Is weed legal in Thailand?

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In June 2022, Thailand boldly moved to join the multi-billion medical cannabis industry (37.4 billion in 2021). This makes the country a pioneer in weed legalization in the Asian continent. Back in 2018, Thailand made a landmark decision to legalize the medical use of cannabis. From that point, more laws were loosened, leading to the removal of the plant from the Narcotics list on 9th June 2022.

The new law decriminalizes cannabis consumption. The government encourages medical use but strongly discourages recreational consumption. This move, undoubtedly, is excellent news for the advancement of cannabis law, especially in an area known for its stringent laws toward the plant. However, there are still so many questions that need to be answered…

What does this all mean? Is weed completely legal in Thailand? What are the caveats attached to these new weed laws? What led to the legalization of weed in Thailand? What does this mean for the country’s economy? Will this move improve the tourism sector? This piece takes a deeper look into all these issues and answers the question – does this amendment favor Thailand cannabis farmers or not?

What are the new weed laws in Thailand?

As much as weed legalization is exciting, getting on the wrong side of the law is not something one looks forward to. It is paramount for Thailand citizens and tourists to keep tabs on what is considered legal by the scope of the new law and what isn’t. Below is a highlight of what the new amendment entails;

Additionally, cannabis is only sold to individuals over 20 years unless an individual has a medical condition that a qualified doctor has prescribed weed as a treatment option. As you can see, this move by the Thailand government comes with a list of restrictions to ensure public health and safety are adhered to. 

So, does this make Thailand the Amsterdam of Asia?

Not quite. While the country encourages tourism, the restrictions imposed discourage a free cannabis consumption culture witnessed in Amsterdam. According to Deputy Prime Minister Anutin Charnvirakul, tourism is ideal for individuals looking to investigate the medical benefits of cannabis and explore cannabis-related business opportunities.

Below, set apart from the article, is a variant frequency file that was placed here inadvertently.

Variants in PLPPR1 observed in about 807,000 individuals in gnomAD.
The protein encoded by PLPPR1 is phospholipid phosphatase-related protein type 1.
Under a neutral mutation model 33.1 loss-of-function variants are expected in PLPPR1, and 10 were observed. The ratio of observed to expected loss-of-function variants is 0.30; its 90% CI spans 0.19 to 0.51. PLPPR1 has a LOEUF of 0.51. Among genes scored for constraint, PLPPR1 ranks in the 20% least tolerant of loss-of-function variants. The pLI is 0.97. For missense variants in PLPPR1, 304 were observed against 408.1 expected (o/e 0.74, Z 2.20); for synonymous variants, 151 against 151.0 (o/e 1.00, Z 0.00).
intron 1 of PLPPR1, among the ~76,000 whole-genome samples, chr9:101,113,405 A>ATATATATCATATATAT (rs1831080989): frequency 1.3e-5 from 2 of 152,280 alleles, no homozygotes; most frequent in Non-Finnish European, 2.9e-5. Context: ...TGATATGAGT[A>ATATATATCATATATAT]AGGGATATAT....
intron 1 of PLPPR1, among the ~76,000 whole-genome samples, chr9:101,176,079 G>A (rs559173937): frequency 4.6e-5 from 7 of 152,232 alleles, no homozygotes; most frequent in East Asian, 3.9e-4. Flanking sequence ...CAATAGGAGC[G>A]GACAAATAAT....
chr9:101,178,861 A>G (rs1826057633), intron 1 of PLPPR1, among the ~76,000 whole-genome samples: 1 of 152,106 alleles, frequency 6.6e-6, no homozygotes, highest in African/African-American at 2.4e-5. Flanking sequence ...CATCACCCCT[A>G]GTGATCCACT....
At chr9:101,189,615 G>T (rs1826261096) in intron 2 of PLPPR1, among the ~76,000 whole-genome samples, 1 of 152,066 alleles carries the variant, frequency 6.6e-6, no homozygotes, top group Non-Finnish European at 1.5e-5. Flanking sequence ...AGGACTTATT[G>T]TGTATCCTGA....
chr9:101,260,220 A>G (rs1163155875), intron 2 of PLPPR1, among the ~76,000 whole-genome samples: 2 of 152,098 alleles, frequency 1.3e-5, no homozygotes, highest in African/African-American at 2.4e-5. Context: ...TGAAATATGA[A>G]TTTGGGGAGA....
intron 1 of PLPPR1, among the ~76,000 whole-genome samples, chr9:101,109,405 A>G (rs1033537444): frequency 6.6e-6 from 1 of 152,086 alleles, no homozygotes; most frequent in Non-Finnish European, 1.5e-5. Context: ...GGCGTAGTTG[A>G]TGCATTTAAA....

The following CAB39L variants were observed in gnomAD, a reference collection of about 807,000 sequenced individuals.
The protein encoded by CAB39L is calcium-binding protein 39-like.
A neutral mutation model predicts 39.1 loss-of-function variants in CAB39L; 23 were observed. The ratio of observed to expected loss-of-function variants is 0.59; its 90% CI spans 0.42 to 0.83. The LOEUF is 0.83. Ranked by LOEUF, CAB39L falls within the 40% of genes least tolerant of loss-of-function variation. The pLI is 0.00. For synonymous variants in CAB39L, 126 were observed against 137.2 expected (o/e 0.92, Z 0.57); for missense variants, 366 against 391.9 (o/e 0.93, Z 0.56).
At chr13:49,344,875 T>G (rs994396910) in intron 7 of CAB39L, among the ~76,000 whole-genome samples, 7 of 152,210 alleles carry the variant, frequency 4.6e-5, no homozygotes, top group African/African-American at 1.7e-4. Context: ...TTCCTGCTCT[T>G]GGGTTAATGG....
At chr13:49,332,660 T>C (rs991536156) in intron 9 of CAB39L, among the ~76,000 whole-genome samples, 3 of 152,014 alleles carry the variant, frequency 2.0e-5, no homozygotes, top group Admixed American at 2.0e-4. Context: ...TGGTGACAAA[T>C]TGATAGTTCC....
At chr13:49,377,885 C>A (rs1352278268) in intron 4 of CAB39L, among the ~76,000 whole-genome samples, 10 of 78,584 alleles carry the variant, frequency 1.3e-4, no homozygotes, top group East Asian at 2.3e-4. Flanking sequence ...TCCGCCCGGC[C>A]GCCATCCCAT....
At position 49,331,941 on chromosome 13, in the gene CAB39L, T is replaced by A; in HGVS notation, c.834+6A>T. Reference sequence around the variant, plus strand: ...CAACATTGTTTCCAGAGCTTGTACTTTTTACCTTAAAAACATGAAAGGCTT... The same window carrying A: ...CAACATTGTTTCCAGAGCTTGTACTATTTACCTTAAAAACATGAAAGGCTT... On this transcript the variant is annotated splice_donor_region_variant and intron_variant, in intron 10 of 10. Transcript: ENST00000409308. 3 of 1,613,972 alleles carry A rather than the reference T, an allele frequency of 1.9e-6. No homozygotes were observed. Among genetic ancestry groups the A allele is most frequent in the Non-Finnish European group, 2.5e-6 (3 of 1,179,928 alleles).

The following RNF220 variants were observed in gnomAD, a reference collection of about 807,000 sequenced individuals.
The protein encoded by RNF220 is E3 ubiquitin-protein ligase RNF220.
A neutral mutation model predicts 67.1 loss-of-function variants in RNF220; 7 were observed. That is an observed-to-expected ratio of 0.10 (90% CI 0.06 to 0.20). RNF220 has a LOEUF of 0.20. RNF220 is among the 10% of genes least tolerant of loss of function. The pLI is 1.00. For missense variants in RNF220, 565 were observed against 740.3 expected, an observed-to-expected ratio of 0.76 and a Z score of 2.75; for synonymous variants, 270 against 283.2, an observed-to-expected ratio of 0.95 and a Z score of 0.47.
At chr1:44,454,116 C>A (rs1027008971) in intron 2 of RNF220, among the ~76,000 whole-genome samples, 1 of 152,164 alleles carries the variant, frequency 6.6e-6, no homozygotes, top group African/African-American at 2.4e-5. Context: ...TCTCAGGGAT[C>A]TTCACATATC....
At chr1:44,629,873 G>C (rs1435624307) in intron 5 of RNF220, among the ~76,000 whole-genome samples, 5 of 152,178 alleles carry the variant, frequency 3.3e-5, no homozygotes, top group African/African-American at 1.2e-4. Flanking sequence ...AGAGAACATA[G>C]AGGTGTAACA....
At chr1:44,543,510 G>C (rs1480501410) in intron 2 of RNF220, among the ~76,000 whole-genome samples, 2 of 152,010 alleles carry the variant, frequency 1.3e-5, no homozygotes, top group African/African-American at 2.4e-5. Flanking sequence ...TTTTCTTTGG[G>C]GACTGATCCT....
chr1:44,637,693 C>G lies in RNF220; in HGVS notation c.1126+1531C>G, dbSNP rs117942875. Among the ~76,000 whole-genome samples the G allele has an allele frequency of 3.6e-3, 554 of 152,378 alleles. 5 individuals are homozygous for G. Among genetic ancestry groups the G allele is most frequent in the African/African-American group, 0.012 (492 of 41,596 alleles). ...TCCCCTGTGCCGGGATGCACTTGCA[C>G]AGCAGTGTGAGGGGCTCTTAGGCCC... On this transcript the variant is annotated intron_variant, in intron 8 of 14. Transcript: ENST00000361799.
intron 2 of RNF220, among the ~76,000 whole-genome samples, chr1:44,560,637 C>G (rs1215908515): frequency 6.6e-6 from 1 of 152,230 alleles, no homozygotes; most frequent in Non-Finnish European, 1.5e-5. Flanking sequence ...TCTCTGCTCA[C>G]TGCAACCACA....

Why has Thailand legalized marijuana?

A brief history of cannabis legalization in Thailand

In the last two decades, Thailand has come from a place of cannabis condemnation to acceptance. Why the change? Is the move economically-centered, geared towards the betterment of the country and its citizens, or was it inevitable? In 2003, Prime Minister Thaksin Shinawatra launched a campaign to eradicate drug use by imposing extreme punishments on offenders. This move did not yield much and resulted in the death of over two thousand individuals. However, despite the strict laws, marijuana importation from Laos and the consumption rate increased exponentially. 

Consequently, a more non-violent approach was warranted. In 2007, attempts began to legalize hemp for textile use, and by 2018, cannabis had been classified as a class 5 narcotic drug. This allowed Thailand citizens to use cannabis therapeutically for selected conditions. In 2020, extracts of cannabis (marijuana and hemp) containing 0.2%THC were removed from the narcotics list. Fast forward to June 9th, 2022 – Thailand revises the narcotics act (B.E 2563) and removes cannabis from the narcotics list, making it legal to use medically and industrially. Here are the primary and secondary reasons why Thailand legalized cannabis.

Primary reasons why Thailand legalized marijuana

To improve the economy after the Covid pandemic: The global pandemic saw a lot of countries struggle with the economy and the citizen battling different forms of mental conditions (anxiety, depression, and stress). Thailand experienced a 6.1 percent fall in GDP in 2020, something the country had never experienced since the Asian financial crisis. By penetrating the medical cannabis market projected to surpass $120 billion by 2026, Thailand will be able to acquire a significant slice of this ever-growing niche.